Gender, crime and justice 1

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  • Gender, crime and justice
    • Gender patterns in crime
      • Most crime appears to be committed by men. 4 out of 5 convicted offenders are male.
      • A higher proportion of females are convicted of property offences except burglary, whereas males are convicted of violent or sexual offences.
      • Official statistics underestimate the amount of females offending.
      • Female crimes are less likely to be reported e.g. shoplifting is less likely to be reported than men's violence.
      • Women's crimes are less likely to be prosecuted.
      • The chivalry thesis - argues that CJS is more lenient to women because its agents - police, judges, juries etc - are men who are socialised to act 'chivalrously' towards women.
      • Pollak - argues that men have a protective attitude towards women, therefore unwilling to arrest, charge, prosecute or convict them. heir crimes are less likely to end up in official statistics, therefore it under-represents female crime.
      • Graham & Bowling - young males were 2.33 times more likely than females to admit having committed an offence in the previous year - official statistics show it as 4 times more likely to offend.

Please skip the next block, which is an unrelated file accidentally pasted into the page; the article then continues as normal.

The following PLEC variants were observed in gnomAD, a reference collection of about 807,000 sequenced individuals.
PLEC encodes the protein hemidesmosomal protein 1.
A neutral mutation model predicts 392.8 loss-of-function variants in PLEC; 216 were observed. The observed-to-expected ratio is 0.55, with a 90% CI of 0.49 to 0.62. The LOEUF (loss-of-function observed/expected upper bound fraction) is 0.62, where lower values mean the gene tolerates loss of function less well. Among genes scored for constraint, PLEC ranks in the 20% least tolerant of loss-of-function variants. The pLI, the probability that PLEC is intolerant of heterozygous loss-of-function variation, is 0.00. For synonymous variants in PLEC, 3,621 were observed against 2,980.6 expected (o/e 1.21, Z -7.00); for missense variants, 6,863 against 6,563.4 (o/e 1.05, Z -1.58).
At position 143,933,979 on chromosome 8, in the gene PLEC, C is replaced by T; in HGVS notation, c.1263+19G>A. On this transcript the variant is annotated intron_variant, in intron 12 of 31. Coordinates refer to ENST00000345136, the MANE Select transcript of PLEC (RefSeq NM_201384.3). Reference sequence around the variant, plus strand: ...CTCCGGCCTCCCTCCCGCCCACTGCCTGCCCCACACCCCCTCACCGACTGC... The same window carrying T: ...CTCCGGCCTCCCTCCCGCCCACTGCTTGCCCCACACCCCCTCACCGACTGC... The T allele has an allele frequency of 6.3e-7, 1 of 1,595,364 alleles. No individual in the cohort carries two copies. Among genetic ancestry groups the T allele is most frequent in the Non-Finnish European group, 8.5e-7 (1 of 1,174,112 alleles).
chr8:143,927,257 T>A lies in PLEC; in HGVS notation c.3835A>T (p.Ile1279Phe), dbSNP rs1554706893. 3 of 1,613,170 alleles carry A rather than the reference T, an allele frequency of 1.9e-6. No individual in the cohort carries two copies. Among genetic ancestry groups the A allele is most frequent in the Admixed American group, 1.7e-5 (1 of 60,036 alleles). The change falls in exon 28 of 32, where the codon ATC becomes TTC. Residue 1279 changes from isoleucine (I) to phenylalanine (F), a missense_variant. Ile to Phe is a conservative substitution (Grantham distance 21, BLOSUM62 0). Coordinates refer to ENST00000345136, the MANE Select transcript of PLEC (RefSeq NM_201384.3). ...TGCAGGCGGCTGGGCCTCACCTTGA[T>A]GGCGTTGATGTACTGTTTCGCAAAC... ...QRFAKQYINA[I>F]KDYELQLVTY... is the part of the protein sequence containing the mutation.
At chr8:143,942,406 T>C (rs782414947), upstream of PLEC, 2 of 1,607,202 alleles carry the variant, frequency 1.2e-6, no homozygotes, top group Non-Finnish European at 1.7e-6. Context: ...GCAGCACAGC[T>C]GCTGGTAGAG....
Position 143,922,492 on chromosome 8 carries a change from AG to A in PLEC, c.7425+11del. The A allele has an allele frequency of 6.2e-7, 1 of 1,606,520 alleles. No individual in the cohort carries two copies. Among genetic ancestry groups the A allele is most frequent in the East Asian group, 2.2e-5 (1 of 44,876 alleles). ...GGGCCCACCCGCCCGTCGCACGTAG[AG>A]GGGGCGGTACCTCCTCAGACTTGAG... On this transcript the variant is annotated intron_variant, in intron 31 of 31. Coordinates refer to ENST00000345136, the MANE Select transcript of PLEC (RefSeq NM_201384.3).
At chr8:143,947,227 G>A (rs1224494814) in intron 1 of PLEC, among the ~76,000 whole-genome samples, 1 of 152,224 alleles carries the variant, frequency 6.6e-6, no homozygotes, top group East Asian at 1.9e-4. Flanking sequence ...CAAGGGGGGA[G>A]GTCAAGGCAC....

• Hood - 3,000 defendants found that women were about one third less likely to be jailed in similar cases.
      • Farrington & Morris - study of a magistrates court found women were not sentenced more leniently for comparable offences.
      • Box - review of self report studies concludes that women who commit serious crimes are not treated more favourably than men.
      • Feminists argue that CJS is biased against women, as they treat women more harshly, especially when they deviate from gender norms of monogamous heterosexuality and motherhood.
      • Heidensohn - double standard of courts punishing girls but not boys for promiscuous activity.
      • Walklate - rape cases it id the victim who is on trial, since she has to prove her respectability in order to have her evidence accepted.
      • Buckle & Farington - twice as many males shoplifting, which suggests women shoplifters are more likely to be prosecuted.
    • Functionalist sex role theory
      • Parson - women perform the expressive role at home, including responsibility for socialisation. Gives the girls an adult role model, but not the boys.
      • Boys distance themselves by engaging in 'compensatory compulsory masculinity' - ASBO, risk-taking.
      • Men take the instrumental role, performed largely outside the home, making socialisation more difficult for boys.
      • A.K. Cohen - absence of an adult male role model means boys are more likely to turn to all-male street gangs as a source of masculine identity. They earn status by acts f delinquency.
      • RR argue that the absence of a male role model in matrifocal lone-parent families leads to boys' delinquency.
      • Walklake criticises Parsons for assuming that because women are biologically capable of bearing children, they are best suited for the expressive role. Although he clams to explain gender differences in crime due to socialisation, his explanation is based on biological assumptions about sex differences.


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